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Cruise Ship Selector

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Cruise Line Pricing (starting from $)

Transatlantic Pricing (starting from $)

Cruise Duration Pricing (starting from $)

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About Transatlantic Cruises


Cruising Europe seems expensive, and the sticker shock often scares away potential clients that will often spend just as much money (or more) on a land tour, or an independent (Car Rental and Bed and Breakfast) vacation. It is best to take the cost of the cruise, and break it down into a "per diem". Simply put, divide the total cruise cost by the number of days, and evaluate the daily cost. How much would you pay for four and five star accommodation in city centres (where your ship often docks)? Add in the cost of meals, and remember to compare the quality of those meals to cruise fare, and remember that Europe is ridiculously expensive in these areas. Factor in car rentals, taxes, insurance, gasoline, and parking if you are going to rent a car. Airport transfers, tour escort tips, meals not included in tours, and the premiums charged on beverages in European cities are often forgotten costs on coach tours. If you truly look at the full cost of a European vacation of similar quality, cruising is suddenly more affordable than you may have thought. The additional advantages of having the facilities and entertainment on board, the lack of packing and unpacking, no driving, and outstanding quality and cleanliness are other big advantages. The disadvantages of less freedom to change one’s itinerary, or "go at your own pace" are more than offset by the number and diversity of the ports of call.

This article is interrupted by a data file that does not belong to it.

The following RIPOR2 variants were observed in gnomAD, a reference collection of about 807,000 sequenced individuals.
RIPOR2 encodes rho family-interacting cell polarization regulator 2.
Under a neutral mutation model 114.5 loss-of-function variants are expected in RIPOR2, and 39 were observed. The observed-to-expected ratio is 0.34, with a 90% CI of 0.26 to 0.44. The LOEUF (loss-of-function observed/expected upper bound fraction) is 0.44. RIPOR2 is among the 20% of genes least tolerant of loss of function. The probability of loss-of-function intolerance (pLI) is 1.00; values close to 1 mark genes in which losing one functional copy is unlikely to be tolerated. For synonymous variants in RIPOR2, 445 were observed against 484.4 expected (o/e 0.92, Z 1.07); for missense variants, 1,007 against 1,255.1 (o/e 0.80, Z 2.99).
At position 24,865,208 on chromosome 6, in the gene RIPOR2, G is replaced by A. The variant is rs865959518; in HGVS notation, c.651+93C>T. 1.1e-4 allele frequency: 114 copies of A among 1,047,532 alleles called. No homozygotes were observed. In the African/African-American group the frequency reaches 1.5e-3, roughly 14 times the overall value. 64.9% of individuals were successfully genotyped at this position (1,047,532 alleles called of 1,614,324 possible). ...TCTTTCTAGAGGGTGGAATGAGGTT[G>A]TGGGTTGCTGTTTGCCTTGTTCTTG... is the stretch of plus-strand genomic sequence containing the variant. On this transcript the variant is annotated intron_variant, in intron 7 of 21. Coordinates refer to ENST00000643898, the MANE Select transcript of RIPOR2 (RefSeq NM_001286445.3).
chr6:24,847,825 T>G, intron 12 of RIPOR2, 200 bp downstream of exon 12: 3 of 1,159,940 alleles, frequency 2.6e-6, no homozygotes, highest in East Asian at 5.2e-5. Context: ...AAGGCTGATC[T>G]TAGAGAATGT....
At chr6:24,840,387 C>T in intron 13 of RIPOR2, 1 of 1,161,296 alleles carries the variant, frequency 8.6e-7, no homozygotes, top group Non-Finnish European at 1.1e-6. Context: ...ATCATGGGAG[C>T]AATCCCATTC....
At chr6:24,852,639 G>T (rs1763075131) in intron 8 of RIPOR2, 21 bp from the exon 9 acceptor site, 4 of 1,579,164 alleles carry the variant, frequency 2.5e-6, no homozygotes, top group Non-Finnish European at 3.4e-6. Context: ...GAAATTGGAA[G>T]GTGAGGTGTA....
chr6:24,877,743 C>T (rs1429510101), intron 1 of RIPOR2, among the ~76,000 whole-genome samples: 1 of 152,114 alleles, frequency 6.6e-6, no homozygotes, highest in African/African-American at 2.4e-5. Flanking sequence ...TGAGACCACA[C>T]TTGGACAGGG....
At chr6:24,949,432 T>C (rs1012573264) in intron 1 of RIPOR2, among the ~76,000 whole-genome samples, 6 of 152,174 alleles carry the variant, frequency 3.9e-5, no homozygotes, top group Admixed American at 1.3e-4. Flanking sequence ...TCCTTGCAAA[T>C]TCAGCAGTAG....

Transatlantic crossings offer unbelievable value when viewed from a per diem cost – lower than almost any holiday you can imagine. Heading from North America or the Caribbean to Europe in April, and back again in November, these longer duration cruises are popular with repeat cruisers who have the time. A few ports of call are worked into the itinerary at either end, but inevitably, the cruise has several days at sea in a row. While this sailing is not as calm as a Caribbean or Alaska cruisse, most transatlantic crossings take the southern route, where seas are not nearly as rough as the shorter North Atlantic crossings made by transportation ships decades ago. The cruise lines have a lot of trouble selling these sailings, also because of the awkwardness of the airfare, and they often turn them into theme cruises of some kind (comedy, jazz, big band). The duration of these cruises attract an older clientele, and the pace on board is far slower than any other cruise. If you are planning a longer trip to Europe, or if you are simply visiting relatives overseas, what a great way to get there! If you have the time, this is an experience you should try; the money is certainly not an obstacle.